Who has acupuncture?
A wide variety of people of all ages use acupuncture. Some women use acupuncture for support throughout their pregnancy. Children can benefit from acupuncture. It is also used alongside western medicine in palliative care. Many people first seek acupuncture for help with painful conditions such as osteoarthritis of the knee, headaches or low back pain. Other people choose acupuncture when their body systems are out of balance, even though they have no obvious diagnosis. Some choose to have regular treatment because they find it beneficial and relaxing.
Is there evidence that acupuncture works?
Evidence of acupuncture’s effectiveness is growing. A large systematic review concluded that acupuncture was effective for chronic pain: osteoarthritis, back pain, neck pain, headaches, and shoulder pain. This review also showed that acupuncture was not a placebo and the effects persisted over time. Acupuncture has been included in the National Institute for Health and Care Excellence (NICE) guidelines for Headaches (CG150) and for Chronic Primary Pain (CG193). The Scottish Intercollegiate Guidelines Network (SIGN): Management of Chronic Pain (136) guidelines include acupuncture for lower back pain and osteoarthritis.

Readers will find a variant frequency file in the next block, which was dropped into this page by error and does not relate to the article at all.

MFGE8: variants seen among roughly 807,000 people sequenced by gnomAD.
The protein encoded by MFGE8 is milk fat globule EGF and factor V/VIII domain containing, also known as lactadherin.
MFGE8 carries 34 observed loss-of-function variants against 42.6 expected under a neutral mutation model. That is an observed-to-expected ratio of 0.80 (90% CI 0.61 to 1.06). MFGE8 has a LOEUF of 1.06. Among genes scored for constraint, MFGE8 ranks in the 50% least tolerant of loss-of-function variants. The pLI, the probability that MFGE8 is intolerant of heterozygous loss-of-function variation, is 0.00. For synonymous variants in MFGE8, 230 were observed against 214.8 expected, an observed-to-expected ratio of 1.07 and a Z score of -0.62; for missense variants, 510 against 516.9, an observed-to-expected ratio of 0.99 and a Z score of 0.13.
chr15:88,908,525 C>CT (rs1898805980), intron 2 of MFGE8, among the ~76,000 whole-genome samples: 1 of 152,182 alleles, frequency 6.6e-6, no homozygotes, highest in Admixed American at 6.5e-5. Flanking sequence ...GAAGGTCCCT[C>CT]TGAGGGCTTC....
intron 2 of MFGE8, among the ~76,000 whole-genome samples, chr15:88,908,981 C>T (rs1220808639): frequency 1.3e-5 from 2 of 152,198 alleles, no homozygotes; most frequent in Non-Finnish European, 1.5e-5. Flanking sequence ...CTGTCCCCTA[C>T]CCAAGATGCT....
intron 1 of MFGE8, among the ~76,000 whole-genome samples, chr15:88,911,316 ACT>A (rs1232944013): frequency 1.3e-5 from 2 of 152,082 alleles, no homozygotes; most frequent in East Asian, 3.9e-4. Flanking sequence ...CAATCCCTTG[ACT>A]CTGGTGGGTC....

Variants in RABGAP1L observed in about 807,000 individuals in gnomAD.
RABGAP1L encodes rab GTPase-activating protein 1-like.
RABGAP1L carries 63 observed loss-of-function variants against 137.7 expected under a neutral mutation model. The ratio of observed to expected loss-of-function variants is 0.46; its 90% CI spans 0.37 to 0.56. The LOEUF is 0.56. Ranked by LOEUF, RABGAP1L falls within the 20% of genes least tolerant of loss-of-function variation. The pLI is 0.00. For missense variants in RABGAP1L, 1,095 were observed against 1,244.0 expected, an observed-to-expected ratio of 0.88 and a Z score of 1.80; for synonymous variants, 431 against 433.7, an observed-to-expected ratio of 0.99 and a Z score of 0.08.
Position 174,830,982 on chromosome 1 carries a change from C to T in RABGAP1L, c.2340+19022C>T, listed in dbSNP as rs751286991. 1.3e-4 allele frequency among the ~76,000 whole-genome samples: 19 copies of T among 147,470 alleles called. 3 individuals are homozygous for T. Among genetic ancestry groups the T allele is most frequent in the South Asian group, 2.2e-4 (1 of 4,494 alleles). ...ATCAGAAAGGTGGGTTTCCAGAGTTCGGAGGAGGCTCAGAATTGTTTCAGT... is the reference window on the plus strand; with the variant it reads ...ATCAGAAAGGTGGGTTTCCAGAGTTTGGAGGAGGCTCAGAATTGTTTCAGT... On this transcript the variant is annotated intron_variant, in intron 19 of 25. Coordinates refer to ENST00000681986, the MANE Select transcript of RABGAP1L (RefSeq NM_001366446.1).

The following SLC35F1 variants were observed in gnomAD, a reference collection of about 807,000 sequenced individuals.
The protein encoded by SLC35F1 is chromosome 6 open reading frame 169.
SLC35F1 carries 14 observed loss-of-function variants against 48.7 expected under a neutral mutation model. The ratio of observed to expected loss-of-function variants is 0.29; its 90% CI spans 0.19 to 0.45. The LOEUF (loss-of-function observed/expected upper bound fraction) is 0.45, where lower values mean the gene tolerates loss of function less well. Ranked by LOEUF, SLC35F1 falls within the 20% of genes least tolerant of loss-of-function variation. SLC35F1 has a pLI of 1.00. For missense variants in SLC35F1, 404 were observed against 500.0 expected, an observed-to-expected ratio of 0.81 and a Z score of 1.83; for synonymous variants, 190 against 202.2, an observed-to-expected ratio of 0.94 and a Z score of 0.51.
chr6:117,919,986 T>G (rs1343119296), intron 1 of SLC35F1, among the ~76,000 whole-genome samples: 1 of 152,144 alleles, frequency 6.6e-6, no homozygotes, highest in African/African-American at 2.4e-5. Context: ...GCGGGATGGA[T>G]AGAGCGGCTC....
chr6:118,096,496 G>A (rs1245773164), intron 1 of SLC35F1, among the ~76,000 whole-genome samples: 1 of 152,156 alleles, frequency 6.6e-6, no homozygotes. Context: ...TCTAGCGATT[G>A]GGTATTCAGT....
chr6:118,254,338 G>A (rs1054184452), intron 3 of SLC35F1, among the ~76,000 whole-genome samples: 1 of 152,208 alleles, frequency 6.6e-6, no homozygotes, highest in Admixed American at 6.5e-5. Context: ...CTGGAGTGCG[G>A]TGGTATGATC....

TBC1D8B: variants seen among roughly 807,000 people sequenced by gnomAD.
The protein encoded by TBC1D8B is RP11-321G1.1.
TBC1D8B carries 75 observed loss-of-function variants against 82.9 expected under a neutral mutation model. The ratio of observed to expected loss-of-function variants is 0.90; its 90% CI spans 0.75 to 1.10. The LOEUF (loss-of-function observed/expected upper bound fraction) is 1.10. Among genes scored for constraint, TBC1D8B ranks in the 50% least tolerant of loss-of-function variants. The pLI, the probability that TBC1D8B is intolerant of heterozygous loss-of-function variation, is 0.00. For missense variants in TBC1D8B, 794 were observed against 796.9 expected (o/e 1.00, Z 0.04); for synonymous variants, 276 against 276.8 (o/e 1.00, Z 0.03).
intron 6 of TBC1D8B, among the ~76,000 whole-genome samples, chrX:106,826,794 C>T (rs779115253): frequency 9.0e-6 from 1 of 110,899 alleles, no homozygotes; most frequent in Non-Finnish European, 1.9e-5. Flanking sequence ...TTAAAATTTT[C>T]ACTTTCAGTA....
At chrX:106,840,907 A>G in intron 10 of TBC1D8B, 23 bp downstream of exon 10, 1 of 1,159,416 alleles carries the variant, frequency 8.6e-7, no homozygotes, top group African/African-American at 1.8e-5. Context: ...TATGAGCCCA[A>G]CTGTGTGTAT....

For many conditions a sufficient number of high quality clinical trials have yet to be conducted for researchers to draw firm conclusions. You can find detailed evidence on the British Acupuncture Council website: www.acupuncture.org.uk.
How can acupuncture help me?
I will treat you as a person, not just the condition which you have, so each person’s treatment plan will be different. I will be happy to offer a free chat about how acupuncture can help you.
What do acupuncture needles feel like?
Acupuncture needles are so fine that most people don’t feel them being inserted. It is normal to feel a mild tingle or dull ache as the needle is adjusted. Many people feel deeply relaxed during the treatment.
How many treatments will I need?
Weekly sessions are quite usual to begin with, for perhaps five or six treatments, reducing in frequency as your body responds.
Is acupuncture safe?
Acupuncture is one of the safest forms of healthcare you can choose. Definitive surveys in the UK and Germany concluded that when practised by a properly trained qualified traditional acupuncturist, the risk of serious adverse events from acupuncture is extremely low.
Are there any side effects?
Sometimes a small bruise may appear when a needle is removed. Occasionally, people can feel dizzy or tired for a brief time after treatment.
Should I tell my doctor I’m having acupuncture?
If you have been prescribed medication I recommend you tell your doctor that you plan to have acupuncture. Do not stop taking your medication. You should tell me about any medication and supplements you are taking.
I am trained to recognise potentially serious underlying health conditions and will refer you to your GP if appropriate.
Will my health insurance pay for acupuncture?
Some health policies now cover treatment with BAcC registered acupuncturists so check with your insurer.